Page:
This post is prompted by reading David Roland’s recent post, ‘Pens pre-17th Century’. David writes under the pen-name (er, sorry 🙂 ) ‘Ian the Green’ because he writes as a member of a society called the SCA, but his aim is to correctly reproduce the materials and practices of medieval European scribes.
Now, as the good-old-time Voynicheros will know, McCrone’s analysis of the inks turned up some copper and zinc, which is a little unusual.
The source of the copper and zinc remains unknown, though another possibility is use of a metal nib. Nick Pelling has often suggested that the text was copied from wax tablets engraved with a metal stylus, but this is not quite the same thing. McCrone and others have said they think the text was written with a quill – so all that follows is simply fyi.
The header shows one of the metal pens being used in the fifteenth-century scriptorium of the king of France.
In the image below, the top register shows a set of ‘Romano-British’ pens and the lower a medieval pen recovered in London. All are in the Museum of London. The consistency of form between examples from the early centuries AD, and then the medieval English pens, and again those used by the royal scribe in fifteenth-century France is especially interesting.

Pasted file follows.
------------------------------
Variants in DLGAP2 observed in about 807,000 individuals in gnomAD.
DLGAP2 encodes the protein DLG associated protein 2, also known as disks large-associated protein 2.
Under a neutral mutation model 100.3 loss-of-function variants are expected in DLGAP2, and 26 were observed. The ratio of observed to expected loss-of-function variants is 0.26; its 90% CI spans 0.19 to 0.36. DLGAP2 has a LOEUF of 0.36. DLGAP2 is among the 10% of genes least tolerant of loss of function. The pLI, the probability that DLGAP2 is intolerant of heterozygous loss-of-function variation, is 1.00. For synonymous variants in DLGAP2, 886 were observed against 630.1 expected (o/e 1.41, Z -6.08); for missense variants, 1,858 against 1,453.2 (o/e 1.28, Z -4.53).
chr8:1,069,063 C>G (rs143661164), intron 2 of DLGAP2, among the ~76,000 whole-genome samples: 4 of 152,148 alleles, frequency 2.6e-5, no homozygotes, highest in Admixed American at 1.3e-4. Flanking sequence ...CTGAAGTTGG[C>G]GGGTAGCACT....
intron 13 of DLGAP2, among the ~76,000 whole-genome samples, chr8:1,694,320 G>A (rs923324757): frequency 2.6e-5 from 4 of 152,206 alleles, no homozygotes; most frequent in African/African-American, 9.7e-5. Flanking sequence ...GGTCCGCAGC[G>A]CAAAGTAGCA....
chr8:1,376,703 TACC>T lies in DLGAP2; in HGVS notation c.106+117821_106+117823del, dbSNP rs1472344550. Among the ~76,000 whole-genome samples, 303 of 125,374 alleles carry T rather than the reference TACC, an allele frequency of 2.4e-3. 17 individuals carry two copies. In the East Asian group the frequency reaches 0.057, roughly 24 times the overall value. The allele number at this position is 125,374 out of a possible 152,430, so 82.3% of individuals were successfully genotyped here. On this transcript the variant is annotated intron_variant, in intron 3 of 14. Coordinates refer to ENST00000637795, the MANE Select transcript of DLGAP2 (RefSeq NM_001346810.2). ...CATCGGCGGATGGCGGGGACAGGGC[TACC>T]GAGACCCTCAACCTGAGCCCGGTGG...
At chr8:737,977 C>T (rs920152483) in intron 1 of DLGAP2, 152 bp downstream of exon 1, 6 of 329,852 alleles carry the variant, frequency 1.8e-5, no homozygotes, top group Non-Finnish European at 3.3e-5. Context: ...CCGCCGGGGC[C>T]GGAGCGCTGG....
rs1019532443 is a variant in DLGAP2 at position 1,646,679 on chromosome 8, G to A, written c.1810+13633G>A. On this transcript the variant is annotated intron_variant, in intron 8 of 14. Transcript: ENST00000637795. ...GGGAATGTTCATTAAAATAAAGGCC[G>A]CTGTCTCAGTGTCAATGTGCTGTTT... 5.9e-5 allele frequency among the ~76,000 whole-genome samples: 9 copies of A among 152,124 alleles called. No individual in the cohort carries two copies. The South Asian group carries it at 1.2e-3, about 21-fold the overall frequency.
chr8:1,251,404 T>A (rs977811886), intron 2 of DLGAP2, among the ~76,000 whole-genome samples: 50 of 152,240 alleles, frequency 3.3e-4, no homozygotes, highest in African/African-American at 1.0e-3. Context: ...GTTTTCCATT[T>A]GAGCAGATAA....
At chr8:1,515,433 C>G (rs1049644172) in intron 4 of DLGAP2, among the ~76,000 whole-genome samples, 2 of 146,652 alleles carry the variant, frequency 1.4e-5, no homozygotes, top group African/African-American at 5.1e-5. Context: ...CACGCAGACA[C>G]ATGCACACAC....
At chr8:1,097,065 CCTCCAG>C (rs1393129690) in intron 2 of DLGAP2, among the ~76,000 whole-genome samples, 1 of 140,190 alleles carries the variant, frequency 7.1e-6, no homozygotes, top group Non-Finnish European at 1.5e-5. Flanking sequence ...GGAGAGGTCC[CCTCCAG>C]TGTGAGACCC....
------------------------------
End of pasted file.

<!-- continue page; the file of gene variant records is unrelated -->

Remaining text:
I have not seen the bag of nibs found in Romania, and dated by Professor Nikolay Ovcharov the early tenth century, but for what we know of them, again see David’s blogpost and follow his links.
David’s research turned up something else of interest; his reconstructed examples appear to indicate that pens of this sort were intended to be used with the angled writing table which is illustrated below.
Left: the Evangelist St.Luke from the ninth-century Morgan Gospels (thanks, Johann). Right: portraits of Jean Miélot, sometimes called ‘the most extensively described medieval scribe and author‘. It is a detail from the first of his portraits which forms my header.
The only disappointing part of it all is that the Museum does not give any details of the ‘copper alloy/s’ used for any of the pens.
PS. And if you’re one of those people who think that Europeans couldn’t draw the human body very well before the fifteenth century, look at St. Luke’s beautifully realised hands and feet: (enlarged version).